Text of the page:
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Germany:  Too early to speak of external political consequences of ‘Panama Papers’ - Merkel spokesman03:26

Germany: Too early to speak of external political consequences of ‘Panama Papers’ - Merkel spokesman

Germany, Berlin
April 4, 2016 at 13:20 GMT +00:00 · Published

Officials from the German government spoke to the press on Monday about the so-called Panama Papers leak that includes a large amount of data exposing widespread international corruption.

During the discussion, both the spokesperson for the German Federal Government and press office Steffen Seibert and spokesperson for the Finance Ministry Martin Jaeger called for more transparency.

Seibert refused to speculate on political fallout from the releases, however he did say that the papers will be examined and possible tax evasion models would be investigated. "Such publications are taken very seriously, and there, where there is the evidence of tax evasion models, it is also to be pursued on a national level."

According to German newspaper Sueddeutsche Zeitung, who was part of the team that leaked the papers, the data "provides rare insights into a world that can only exist in the shadows. It proves how a global industry led by major banks, legal firms, and asset management companies secretly manages the estates of the world's rich and famous: from politicians, FIFA officials, fraudsters and drug smugglers, to celebrities and professional athletes."

The data provided in the leak centres around the activities of Mossack Fonseca over a period from the 1970s until spring 2016. There is believed to be an estimated 11.5 million documents in the Panama Papers, making it the largest leak of its kind. The information provided in the leak purportedly exposes the offshore holdings of 12 current and former world leaders as well as unveiling data on the financial activities of 128 other politicians and public officials from a number of countries.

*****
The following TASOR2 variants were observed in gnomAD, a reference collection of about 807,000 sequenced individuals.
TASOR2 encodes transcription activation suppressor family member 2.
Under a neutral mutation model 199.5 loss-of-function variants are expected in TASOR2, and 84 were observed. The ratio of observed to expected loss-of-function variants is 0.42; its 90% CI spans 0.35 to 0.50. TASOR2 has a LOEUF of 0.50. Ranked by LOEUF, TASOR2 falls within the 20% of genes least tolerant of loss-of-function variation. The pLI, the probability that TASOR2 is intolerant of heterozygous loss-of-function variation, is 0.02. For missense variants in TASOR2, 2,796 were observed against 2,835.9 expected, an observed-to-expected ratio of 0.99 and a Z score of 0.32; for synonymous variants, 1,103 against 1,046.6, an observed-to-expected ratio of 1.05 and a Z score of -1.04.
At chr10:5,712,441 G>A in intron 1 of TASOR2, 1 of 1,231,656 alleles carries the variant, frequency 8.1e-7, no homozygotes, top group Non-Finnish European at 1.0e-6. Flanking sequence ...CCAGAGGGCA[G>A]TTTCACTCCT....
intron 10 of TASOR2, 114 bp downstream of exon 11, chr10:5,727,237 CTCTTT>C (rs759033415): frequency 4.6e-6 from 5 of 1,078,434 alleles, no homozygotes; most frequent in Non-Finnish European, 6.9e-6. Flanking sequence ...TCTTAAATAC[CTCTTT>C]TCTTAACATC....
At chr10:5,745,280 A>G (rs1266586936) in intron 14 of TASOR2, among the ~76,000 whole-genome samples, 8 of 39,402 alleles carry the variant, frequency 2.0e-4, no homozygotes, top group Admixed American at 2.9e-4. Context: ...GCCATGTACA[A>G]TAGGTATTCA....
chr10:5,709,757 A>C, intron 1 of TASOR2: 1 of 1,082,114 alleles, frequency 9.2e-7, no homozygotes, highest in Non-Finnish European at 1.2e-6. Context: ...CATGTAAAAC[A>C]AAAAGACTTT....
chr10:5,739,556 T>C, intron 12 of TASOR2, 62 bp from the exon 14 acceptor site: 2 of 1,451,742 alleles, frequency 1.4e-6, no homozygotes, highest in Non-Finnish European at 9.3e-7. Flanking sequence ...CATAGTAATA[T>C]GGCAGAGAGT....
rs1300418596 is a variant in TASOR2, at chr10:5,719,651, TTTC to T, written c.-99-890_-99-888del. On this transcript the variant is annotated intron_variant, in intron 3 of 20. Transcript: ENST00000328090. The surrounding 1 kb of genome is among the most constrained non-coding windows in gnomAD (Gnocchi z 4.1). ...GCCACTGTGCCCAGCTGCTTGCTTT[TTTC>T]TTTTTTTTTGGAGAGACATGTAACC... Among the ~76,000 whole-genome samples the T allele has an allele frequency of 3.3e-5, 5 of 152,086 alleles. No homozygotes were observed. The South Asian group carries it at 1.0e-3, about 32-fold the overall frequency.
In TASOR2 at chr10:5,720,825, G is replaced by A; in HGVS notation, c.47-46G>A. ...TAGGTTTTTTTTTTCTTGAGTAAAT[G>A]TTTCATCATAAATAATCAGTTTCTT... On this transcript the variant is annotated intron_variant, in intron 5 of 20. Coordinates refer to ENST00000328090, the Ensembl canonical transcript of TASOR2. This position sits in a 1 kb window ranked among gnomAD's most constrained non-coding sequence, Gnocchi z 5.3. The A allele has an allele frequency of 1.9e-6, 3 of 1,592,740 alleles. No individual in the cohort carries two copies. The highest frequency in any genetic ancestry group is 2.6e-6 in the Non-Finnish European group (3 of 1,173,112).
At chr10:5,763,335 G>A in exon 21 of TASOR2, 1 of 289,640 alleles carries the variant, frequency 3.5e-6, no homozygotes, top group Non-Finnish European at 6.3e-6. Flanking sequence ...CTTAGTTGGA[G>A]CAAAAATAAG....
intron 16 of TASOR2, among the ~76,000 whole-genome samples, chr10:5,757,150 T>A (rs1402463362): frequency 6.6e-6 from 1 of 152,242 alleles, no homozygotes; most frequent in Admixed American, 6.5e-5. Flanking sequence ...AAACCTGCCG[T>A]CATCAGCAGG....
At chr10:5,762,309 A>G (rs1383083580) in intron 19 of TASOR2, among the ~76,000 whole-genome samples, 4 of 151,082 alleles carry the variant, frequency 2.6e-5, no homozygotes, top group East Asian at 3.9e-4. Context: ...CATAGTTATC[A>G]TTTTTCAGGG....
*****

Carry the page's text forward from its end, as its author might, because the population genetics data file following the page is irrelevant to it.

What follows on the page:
Germany:  Too early to speak of external political consequences of ‘Panama Papers’ - Merkel spokesman03:26
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Officials from the German government spoke to the press on Monday about the so-called Panama Papers leak that includes a large amount of data exposing widespread international corruption.

During the discussion, both the spokesperson for the German Federal Government and press office Steffen Seibert and spokesperson for the Finance Ministry Martin Jaeger called for more transparency.

Seibert refused to speculate on political fallout from the releases, however he did say that the papers will be examined and possible tax evasion models would be investigated. "Such publications are taken very seriously, and there, where there is the evidence of tax evasion models, it is also to be pursued on a national level."

According to German newspaper Sueddeutsche Zeitung, who was part of the team that leaked the papers, the data "provides rare insights into a world that can only exist in the shadows. It proves how a global industry led by major banks, legal firms, and asset management companies secretly manages the estates of the world's rich and famous: from politicians, FIFA officials, fraudsters and drug smugglers, to celebrities and professional athletes."

The data provided in the leak centres around the activities of Mossack Fonseca over a period from the 1970s until spring 2016. There is believed to be an estimated 11.5 million documents in the Panama Papers, making it the largest leak of its kind. The information provided in the leak purportedly exposes the offshore holdings of 12 current and former world leaders as well as unveiling data on the financial activities of 128 other politicians and public officials from a number of countries.

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